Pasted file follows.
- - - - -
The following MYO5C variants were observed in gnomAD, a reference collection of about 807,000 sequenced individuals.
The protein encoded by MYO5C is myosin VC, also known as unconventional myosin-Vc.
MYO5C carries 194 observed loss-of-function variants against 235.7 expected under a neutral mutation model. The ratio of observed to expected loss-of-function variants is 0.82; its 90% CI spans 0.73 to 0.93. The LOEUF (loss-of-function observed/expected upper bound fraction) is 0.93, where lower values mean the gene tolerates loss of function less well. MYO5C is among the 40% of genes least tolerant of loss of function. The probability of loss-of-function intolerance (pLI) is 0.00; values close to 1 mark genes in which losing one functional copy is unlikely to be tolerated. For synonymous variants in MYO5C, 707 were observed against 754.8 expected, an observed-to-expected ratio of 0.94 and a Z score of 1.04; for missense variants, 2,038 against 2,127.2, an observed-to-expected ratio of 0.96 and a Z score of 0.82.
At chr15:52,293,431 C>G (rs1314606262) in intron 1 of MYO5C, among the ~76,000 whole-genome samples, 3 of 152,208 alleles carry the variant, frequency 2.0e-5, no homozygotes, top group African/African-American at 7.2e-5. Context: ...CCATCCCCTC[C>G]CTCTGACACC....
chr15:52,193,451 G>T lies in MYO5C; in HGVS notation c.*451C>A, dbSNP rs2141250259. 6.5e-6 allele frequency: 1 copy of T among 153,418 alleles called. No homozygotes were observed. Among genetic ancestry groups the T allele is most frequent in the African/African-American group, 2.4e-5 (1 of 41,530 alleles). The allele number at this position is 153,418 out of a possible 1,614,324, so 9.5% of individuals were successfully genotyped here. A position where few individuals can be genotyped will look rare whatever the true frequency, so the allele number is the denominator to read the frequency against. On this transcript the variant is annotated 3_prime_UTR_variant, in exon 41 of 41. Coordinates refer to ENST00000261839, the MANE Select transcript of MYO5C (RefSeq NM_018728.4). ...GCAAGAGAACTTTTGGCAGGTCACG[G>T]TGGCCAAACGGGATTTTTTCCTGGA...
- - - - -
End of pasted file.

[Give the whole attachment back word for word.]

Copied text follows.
The following MYO5C variants were observed in gnomAD, a reference collection of about 807,000 sequenced individuals.
The protein encoded by MYO5C is myosin VC, also known as unconventional myosin-Vc.
MYO5C carries 194 observed loss-of-function variants against 235.7 expected under a neutral mutation model. The ratio of observed to expected loss-of-function variants is 0.82; its 90% CI spans 0.73 to 0.93. The LOEUF (loss-of-function observed/expected upper bound fraction) is 0.93, where lower values mean the gene tolerates loss of function less well. MYO5C is among the 40% of genes least tolerant of loss of function. The probability of loss-of-function intolerance (pLI) is 0.00; values close to 1 mark genes in which losing one functional copy is unlikely to be tolerated. For synonymous variants in MYO5C, 707 were observed against 754.8 expected, an observed-to-expected ratio of 0.94 and a Z score of 1.04; for missense variants, 2,038 against 2,127.2, an observed-to-expected ratio of 0.96 and a Z score of 0.82.
At chr15:52,293,431 C>G (rs1314606262) in intron 1 of MYO5C, among the ~76,000 whole-genome samples, 3 of 152,208 alleles carry the variant, frequency 2.0e-5, no homozygotes, top group African/African-American at 7.2e-5. Context: ...CCATCCCCTC[C>G]CTCTGACACC....
chr15:52,193,451 G>T lies in MYO5C; in HGVS notation c.*451C>A, dbSNP rs2141250259. 6.5e-6 allele frequency: 1 copy of T among 153,418 alleles called. No homozygotes were observed. Among genetic ancestry groups the T allele is most frequent in the African/African-American group, 2.4e-5 (1 of 41,530 alleles). The allele number at this position is 153,418 out of a possible 1,614,324, so 9.5% of individuals were successfully genotyped here. A position where few individuals can be genotyped will look rare whatever the true frequency, so the allele number is the denominator to read the frequency against. On this transcript the variant is annotated 3_prime_UTR_variant, in exon 41 of 41. Coordinates refer to ENST00000261839, the MANE Select transcript of MYO5C (RefSeq NM_018728.4). ...GCAAGAGAACTTTTGGCAGGTCACG[G>T]TGGCCAAACGGGATTTTTTCCTGGA...